Environment & Pollution,Oceans
Surprising abundance of the artificial sweetener Splenda is reported in North Sea
Ashley Yeager 7:00am, March 21, 2016
Sucralose is found in artificial sweeteners such as Splenda. It has also been found at several spots in the North Sea, raising concern about possible impacts on the environment.
Fake sweeteners may seem like a good calorie-saving substitute for sugar. But researchers in Europe have now found traces of one of these sweeteners at five sites in the North Sea. That might be a problem, they warn. What makes the fake sugar helpful for waistlines, they say, could be bad for the environment.
This is one of the first studies to show that artificial sweeteners can end up far from shore in levels high enough to be detected, says Luca Nizzetto. This environmental scientist led the study. He works at the Norwegian Institute for Water Resources in Oslo.
The findings deal with sucralose. And they are concerning, Nizzetto says, because it’s not yet clear how adding it to aquatic ecosystems may affect the plants and animals in them.
Sucralose is sold under the brand name of Splenda. Many people and food companies use it to sweeten such things as desserts, breads and sodas. Sucralose is a diet aid because the human body doesn’t break it down and use it to fuel activities. Instead, the body excretes it in urine and feces.
Once flushed down the toilet, sucralose heads to water-treatment plants. These facilities are designed to remove pollutants from wastewater. But they aren’t great at removing the fake sugar. One study found that at least 98 percent of sucralose in water gets through such treatment plants. That allows it to pollute streams, groundwater — even drinking water.
Ultimately, some of the fake sugar has been washing out to sea, Nizzetto and his colleagues now report. Their new findings appeared early online, March 9, in the Journal of Marine Systems.
Sweetener was prevalent and plentiful
The team looked for traces of pollutants at five sites in the North Sea. They found pesticides, drugs, beauty products and food additives. Sucralose was the most plentiful of all. It showed up in every sample. And sucralose levels were three to six times as high as that of any other sweetener.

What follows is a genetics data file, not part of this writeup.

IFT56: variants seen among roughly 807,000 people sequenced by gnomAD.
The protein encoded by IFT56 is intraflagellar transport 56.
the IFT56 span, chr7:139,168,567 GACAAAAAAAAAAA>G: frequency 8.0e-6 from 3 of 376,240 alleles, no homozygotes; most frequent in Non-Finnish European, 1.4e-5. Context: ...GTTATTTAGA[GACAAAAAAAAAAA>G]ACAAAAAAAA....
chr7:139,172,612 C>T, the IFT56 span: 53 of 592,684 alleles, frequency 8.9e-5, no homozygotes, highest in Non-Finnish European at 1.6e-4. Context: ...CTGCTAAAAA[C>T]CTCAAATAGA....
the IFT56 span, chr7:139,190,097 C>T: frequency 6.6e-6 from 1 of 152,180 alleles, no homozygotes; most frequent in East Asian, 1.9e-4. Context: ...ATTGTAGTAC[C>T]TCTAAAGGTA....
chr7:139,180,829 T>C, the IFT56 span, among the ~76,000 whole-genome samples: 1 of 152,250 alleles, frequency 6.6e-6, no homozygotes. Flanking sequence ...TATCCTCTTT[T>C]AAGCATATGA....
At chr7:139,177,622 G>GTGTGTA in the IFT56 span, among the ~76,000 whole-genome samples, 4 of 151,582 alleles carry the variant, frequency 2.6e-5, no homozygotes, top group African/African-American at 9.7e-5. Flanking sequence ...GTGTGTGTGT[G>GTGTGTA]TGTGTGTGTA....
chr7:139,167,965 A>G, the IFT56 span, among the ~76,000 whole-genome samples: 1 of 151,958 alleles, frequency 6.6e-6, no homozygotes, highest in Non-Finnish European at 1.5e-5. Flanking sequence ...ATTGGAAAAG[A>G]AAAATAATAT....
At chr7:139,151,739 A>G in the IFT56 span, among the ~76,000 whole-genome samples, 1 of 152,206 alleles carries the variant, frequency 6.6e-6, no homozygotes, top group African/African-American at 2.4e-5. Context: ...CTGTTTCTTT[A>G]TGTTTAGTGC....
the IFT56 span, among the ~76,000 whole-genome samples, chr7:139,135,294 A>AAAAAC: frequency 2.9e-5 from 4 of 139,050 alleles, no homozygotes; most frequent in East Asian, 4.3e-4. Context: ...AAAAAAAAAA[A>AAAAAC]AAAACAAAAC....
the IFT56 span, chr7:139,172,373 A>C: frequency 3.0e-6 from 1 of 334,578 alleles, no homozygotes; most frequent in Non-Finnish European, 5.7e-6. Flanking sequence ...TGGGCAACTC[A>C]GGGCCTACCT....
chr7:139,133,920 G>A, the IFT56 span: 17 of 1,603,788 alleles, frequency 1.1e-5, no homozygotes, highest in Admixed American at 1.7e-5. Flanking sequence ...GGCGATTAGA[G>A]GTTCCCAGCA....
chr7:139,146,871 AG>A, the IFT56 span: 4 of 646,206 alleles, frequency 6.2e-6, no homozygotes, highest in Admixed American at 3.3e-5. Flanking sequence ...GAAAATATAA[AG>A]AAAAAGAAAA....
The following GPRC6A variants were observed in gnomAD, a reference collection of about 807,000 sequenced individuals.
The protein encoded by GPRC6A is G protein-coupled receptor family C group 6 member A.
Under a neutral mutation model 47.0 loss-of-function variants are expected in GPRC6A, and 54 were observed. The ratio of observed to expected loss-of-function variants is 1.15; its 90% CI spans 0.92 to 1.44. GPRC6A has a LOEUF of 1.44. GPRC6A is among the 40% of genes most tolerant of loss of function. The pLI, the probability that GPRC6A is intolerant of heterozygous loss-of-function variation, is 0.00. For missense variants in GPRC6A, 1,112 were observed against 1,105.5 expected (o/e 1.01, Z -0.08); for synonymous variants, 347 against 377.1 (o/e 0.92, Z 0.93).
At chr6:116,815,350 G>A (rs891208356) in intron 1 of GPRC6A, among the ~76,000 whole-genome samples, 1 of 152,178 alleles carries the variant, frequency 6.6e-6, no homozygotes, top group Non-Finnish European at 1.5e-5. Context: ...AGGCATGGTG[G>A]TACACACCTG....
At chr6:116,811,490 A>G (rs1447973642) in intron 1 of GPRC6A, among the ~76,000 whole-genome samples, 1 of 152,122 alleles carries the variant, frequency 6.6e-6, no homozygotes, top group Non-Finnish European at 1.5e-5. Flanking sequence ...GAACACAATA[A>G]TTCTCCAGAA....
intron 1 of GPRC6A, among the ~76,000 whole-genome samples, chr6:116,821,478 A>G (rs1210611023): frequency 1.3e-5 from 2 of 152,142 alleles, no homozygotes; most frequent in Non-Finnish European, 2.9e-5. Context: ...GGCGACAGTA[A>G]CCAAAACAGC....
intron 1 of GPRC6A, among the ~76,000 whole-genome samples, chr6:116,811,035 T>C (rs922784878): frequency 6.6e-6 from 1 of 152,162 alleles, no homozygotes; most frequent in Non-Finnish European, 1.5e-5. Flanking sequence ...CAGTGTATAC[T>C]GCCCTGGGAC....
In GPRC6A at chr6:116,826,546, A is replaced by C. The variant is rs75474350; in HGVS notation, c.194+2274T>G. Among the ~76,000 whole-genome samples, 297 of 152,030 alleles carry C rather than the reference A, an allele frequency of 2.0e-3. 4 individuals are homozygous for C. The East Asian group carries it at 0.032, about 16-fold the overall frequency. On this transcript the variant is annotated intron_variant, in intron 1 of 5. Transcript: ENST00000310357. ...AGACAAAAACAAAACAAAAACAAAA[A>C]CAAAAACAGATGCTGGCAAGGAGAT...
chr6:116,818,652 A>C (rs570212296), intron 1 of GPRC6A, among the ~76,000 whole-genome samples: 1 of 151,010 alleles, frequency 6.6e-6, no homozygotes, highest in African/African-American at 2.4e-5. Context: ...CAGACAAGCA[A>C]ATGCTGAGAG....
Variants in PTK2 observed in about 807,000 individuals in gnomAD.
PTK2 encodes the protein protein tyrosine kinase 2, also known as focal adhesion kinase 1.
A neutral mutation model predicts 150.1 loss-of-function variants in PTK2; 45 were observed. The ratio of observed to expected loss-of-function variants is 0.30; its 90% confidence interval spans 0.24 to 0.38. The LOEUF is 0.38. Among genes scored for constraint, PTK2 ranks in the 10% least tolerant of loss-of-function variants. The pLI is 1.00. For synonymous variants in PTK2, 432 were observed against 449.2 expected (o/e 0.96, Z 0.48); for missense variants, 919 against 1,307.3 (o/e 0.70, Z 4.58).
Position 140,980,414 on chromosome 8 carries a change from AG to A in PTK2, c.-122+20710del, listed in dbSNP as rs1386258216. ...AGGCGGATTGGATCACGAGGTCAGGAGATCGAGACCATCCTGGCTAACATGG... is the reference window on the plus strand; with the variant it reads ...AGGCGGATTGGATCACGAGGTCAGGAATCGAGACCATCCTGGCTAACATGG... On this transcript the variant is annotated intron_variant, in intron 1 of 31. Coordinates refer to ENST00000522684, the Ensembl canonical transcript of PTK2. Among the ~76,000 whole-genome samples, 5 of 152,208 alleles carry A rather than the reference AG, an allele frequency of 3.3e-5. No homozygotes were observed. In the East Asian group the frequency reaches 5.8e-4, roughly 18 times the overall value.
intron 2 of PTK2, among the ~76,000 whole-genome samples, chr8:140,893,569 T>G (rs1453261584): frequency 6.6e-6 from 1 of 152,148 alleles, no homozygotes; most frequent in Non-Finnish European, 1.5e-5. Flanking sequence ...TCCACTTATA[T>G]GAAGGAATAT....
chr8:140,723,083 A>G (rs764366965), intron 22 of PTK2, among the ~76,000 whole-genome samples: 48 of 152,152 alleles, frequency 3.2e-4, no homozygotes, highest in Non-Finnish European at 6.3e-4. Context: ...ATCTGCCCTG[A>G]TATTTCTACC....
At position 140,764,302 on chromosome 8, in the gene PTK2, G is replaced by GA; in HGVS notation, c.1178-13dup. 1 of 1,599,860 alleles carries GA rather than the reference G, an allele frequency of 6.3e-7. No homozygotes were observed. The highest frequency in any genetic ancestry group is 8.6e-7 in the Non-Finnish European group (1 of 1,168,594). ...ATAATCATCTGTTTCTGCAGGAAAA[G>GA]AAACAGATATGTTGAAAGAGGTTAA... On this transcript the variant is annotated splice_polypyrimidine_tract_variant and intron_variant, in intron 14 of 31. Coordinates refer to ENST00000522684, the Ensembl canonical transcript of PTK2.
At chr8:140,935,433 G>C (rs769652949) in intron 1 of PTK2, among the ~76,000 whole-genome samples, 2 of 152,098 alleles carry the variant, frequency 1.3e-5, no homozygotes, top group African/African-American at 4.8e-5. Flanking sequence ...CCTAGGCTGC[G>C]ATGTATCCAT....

There is no evidence that sucralose is toxic to people. But a few studies have hinted that this fake sugar might harm other animals and plants.
A 2012 study in the journal Chemosphere showed it could make some crustaceans swim either faster or slower than normal. Another recent study also found that mice fed sucralose throughout their lives could develop blood cancers. Those results were published January 29 in the International Journal of Occupational and Environmental Health. Other researchers have suggested the sweetener may block the ability of plants to make food.
Sucralose’s use has been increasing. That suggests that its abundance in the environment could grow, too. This concerns some scientists because so little is known about whether long-term exposure to fake sweeteners may pose risks to plants, says Valeria Dulio.
It’s also not clear if the buildup of the fake sugar in seawater might indirectly affect people. How? Possibly, she says, by messing with the fish and other seafood we eat. Dulio is an environmental scientist at the National Institute for Industrial Environment and Risks in Verneuil-en-Halatte, France. Both she and Nizzetto are part of the NORMAN Network. It’s an international group of labs and research centers that monitors environmental pollutants. The group has named sucralose an “emerging substance of concern.”
The only way to stop sucralose from building up in the environment, Dulio says, is to stop using it.
(for more about Power Words, click here)
artificial sweetener A chemical substance that has a sweet taste but few or no calories. People and food manufacturers add artificial sweeteners to foods and drinks to give them a sweeter taste. Many different artificial sweeteners exist. They include saccharin, sucralose and aspartame, among others.
calorie The amount of energy needed to raise the temperature of 1 gram of water by 1 degree Celsius. It is typically used as a measurement of the energy contained in some defined amount of food.
cancer Any of more than 100 different diseases, each characterized by the rapid, uncontrolled growth of abnormal cells. The development and growth of cancers, also known as malignancies, can lead to tumors, pain and death.
chemical A substance formed from two or more atoms that unite (become bonded together) in a fixed proportion and structure. For example, water is a chemical made of two hydrogen atoms bonded to one oxygen atom. Its chemical symbol is H2O. Chemical can also be an adjective that describes properties of materials that are the result of various reactions between different compounds.